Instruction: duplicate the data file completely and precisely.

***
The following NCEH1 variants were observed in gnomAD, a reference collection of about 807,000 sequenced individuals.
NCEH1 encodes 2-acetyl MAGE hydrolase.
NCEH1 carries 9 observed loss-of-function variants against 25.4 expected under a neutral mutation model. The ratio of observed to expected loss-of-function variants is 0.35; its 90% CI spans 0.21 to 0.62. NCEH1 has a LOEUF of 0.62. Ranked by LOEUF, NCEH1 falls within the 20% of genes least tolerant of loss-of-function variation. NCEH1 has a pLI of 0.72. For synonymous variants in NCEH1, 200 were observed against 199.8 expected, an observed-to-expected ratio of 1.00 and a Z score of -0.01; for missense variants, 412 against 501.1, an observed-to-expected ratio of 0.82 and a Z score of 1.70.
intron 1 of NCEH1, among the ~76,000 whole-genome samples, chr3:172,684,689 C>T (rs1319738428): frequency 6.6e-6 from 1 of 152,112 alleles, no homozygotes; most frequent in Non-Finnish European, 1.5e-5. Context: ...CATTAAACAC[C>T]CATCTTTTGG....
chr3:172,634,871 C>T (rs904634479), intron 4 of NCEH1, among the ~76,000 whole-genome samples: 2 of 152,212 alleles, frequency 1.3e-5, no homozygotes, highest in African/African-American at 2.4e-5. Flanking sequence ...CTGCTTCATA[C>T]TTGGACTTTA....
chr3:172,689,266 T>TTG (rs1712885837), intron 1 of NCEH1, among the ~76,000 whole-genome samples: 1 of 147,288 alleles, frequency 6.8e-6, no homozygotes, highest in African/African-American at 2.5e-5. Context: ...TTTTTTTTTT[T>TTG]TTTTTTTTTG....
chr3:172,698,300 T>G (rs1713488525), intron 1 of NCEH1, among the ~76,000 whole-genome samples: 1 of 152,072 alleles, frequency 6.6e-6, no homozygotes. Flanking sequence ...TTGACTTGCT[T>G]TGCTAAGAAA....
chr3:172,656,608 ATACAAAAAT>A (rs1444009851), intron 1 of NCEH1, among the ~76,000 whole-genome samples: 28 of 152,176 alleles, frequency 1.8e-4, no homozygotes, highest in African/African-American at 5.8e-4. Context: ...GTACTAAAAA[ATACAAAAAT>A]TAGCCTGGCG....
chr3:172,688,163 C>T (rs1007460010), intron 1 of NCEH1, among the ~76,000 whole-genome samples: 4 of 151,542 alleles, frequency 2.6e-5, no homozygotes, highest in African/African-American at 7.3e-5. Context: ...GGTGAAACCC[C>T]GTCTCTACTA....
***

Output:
The following NCEH1 variants were observed in gnomAD, a reference collection of about 807,000 sequenced individuals.
NCEH1 encodes 2-acetyl MAGE hydrolase.
NCEH1 carries 9 observed loss-of-function variants against 25.4 expected under a neutral mutation model. The ratio of observed to expected loss-of-function variants is 0.35; its 90% CI spans 0.21 to 0.62. NCEH1 has a LOEUF of 0.62. Ranked by LOEUF, NCEH1 falls within the 20% of genes least tolerant of loss-of-function variation. NCEH1 has a pLI of 0.72. For synonymous variants in NCEH1, 200 were observed against 199.8 expected, an observed-to-expected ratio of 1.00 and a Z score of -0.01; for missense variants, 412 against 501.1, an observed-to-expected ratio of 0.82 and a Z score of 1.70.
intron 1 of NCEH1, among the ~76,000 whole-genome samples, chr3:172,684,689 C>T (rs1319738428): frequency 6.6e-6 from 1 of 152,112 alleles, no homozygotes; most frequent in Non-Finnish European, 1.5e-5. Context: ...CATTAAACAC[C>T]CATCTTTTGG....
chr3:172,634,871 C>T (rs904634479), intron 4 of NCEH1, among the ~76,000 whole-genome samples: 2 of 152,212 alleles, frequency 1.3e-5, no homozygotes, highest in African/African-American at 2.4e-5. Flanking sequence ...CTGCTTCATA[C>T]TTGGACTTTA....
chr3:172,689,266 T>TTG (rs1712885837), intron 1 of NCEH1, among the ~76,000 whole-genome samples: 1 of 147,288 alleles, frequency 6.8e-6, no homozygotes, highest in African/African-American at 2.5e-5. Context: ...TTTTTTTTTT[T>TTG]TTTTTTTTTG....
chr3:172,698,300 T>G (rs1713488525), intron 1 of NCEH1, among the ~76,000 whole-genome samples: 1 of 152,072 alleles, frequency 6.6e-6, no homozygotes. Flanking sequence ...TTGACTTGCT[T>G]TGCTAAGAAA....
chr3:172,656,608 ATACAAAAAT>A (rs1444009851), intron 1 of NCEH1, among the ~76,000 whole-genome samples: 28 of 152,176 alleles, frequency 1.8e-4, no homozygotes, highest in African/African-American at 5.8e-4. Context: ...GTACTAAAAA[ATACAAAAAT>A]TAGCCTGGCG....
chr3:172,688,163 C>T (rs1007460010), intron 1 of NCEH1, among the ~76,000 whole-genome samples: 4 of 151,542 alleles, frequency 2.6e-5, no homozygotes, highest in African/African-American at 7.3e-5. Context: ...GGTGAAACCC[C>T]GTCTCTACTA....